I love watching England, win or lose but the problems start at the top, as always. Think back to 2003 - the team was fitter, incredibly well conditioned and passionate. JW was an effective cog in a well balanced machine. Hill, Dallalio and Back were the top back row in the world with immense physicality. Yes - the style of play was traditionally English as it is now. But then CW left in a huff with the RFU and things haven't been the same since. JW hasn't become a ' bad' player, but the machine doesn't quite work at the moment - or at least not consistently.

    Why is it that our league and development systems don't produce the freedom and intelligence of the NZ or Australian systems? I don't believe that they produce naturally more gifted players than us - although the lack of football means many of their best athletes end up in Rugby rather than alternative sports. There must be other reasons. Perhaps as a race the English are too reserved and considered to ever feel comfortable with the 'creative' approach. The French are masters - on a good day. The Welsh have bred some incredible players but struggle to have enough available each generation.

    Sorry - I don't know the answers, but until we can match the SH teams for creativity and passion we will always be having these debates.

  • Comment number 71.

    As an irishman I simply have to say that we won playing badly and it is down to the english lack of flare and diversity which lost them the match, england are not improving as a team!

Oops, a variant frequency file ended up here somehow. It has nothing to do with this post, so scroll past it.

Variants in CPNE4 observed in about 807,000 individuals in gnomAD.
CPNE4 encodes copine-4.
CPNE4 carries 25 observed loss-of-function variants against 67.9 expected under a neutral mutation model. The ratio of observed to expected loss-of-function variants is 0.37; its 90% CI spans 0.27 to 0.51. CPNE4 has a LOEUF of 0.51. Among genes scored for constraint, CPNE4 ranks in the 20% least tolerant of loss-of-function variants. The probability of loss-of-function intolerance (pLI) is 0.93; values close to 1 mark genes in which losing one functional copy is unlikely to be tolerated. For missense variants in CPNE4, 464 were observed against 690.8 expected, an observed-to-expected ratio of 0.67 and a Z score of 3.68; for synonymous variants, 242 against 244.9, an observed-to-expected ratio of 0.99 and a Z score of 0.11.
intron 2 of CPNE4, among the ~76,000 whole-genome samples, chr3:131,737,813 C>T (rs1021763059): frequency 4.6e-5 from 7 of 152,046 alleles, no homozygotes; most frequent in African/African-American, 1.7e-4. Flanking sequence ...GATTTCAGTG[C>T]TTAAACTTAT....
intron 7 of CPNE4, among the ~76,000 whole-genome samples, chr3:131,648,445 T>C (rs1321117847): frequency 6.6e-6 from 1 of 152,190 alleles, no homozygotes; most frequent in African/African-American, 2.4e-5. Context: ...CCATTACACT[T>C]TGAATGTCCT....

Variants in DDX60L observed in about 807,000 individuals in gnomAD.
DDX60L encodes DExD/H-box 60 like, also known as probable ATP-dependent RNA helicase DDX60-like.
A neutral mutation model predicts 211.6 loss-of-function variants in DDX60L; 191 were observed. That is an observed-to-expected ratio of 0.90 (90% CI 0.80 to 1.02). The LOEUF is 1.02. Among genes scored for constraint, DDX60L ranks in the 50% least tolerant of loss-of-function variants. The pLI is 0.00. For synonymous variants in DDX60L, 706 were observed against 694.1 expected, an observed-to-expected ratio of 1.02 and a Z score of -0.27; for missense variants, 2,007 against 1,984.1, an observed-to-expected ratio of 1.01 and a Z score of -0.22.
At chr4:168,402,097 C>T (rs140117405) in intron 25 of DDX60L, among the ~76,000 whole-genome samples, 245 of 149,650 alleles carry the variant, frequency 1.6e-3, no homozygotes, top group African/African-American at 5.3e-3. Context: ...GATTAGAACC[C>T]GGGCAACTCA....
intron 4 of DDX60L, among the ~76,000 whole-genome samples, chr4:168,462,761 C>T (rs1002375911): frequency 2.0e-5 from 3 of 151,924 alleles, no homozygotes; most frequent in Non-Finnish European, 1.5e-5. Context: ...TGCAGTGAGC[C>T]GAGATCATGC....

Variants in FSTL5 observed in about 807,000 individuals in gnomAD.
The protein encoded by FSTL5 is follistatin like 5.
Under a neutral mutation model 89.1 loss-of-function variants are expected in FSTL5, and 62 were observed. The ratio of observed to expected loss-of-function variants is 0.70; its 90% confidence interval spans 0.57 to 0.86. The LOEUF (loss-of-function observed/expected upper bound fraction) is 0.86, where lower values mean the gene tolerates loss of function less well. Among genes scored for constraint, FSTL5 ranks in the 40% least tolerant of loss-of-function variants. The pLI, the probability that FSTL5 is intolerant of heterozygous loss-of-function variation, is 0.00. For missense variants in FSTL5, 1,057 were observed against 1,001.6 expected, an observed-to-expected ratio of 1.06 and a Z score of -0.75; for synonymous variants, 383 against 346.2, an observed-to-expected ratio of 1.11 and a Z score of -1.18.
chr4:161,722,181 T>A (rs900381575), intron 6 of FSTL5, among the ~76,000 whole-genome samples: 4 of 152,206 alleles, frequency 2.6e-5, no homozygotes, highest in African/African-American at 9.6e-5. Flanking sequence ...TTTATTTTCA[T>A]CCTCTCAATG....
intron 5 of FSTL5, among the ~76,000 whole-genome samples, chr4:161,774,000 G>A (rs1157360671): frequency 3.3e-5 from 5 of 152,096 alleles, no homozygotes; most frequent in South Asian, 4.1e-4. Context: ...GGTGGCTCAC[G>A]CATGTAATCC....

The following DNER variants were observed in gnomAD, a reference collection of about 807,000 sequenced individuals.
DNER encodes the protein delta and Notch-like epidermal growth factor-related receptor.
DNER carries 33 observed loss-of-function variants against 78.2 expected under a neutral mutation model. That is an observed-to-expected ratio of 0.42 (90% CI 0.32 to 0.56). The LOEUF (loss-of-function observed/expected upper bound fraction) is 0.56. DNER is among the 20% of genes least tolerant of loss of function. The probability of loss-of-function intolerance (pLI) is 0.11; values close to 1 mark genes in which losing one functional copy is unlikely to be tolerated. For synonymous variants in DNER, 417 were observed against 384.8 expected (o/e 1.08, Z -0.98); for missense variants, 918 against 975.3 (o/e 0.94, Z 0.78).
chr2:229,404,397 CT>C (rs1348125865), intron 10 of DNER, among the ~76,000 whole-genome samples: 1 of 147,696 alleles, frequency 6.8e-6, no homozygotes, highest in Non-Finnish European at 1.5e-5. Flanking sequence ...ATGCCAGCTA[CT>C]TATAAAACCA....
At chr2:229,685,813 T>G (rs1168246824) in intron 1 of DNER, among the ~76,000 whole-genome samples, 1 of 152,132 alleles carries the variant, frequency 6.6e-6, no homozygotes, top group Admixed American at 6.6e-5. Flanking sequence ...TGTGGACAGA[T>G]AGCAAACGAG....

So you would have to question why did we win 6 of the last 7 games against england with the playing numbers of england over ireland? its quite remarkable and it defies the odds! Plain and simple ireland know how to breed players and the youth system is excellent while if i was english i would be embarrassed frankly and i would be calling for the heads of the guys both in management and those in charge of the development of english rugby.

    Finally this may well be an end of an era for this generation of irish players but we will enjoy this theres no better feeling than beating the ould enemy. england will be back sooner rather than later in my opinion.... but we will enjoy this one :)

  • Comment number 72.

    Your reply is full of assumptions and betrays only that you refuse to see things any other way despite much evidence to the contrary.

    "I have consistently said in my posts I accept the result (what else can you do with a result?) but differ on the game and the better team. I was told to smell the roses, well I am. England are getting better and will continue to do so. They will beat Scotland and I think they will win in France because they are capable of doing so. Come the world cup they will be in the semis and or finals."

    I never said you didn't accept the result, I commented on the bitter begrudging & skewed manner in which you did.
    I also said England are getting better and I didn't make the roses comment so I think you're mixing my posts up with others'.
    I think England have it in them to beat Scotland (who remain very mediocre), and possibly France if the French implode, but that doesn't look likely. England will need to improve alot to reach the World Semis/final, but they might well do. Certainly with another coach I think they could. If I was a betting man at the moment I wouldn't put anything on it.

    "The tries Ireland scored were executed very well but in my view came on the back of English errors and an appalling refereeing decision, but they got them.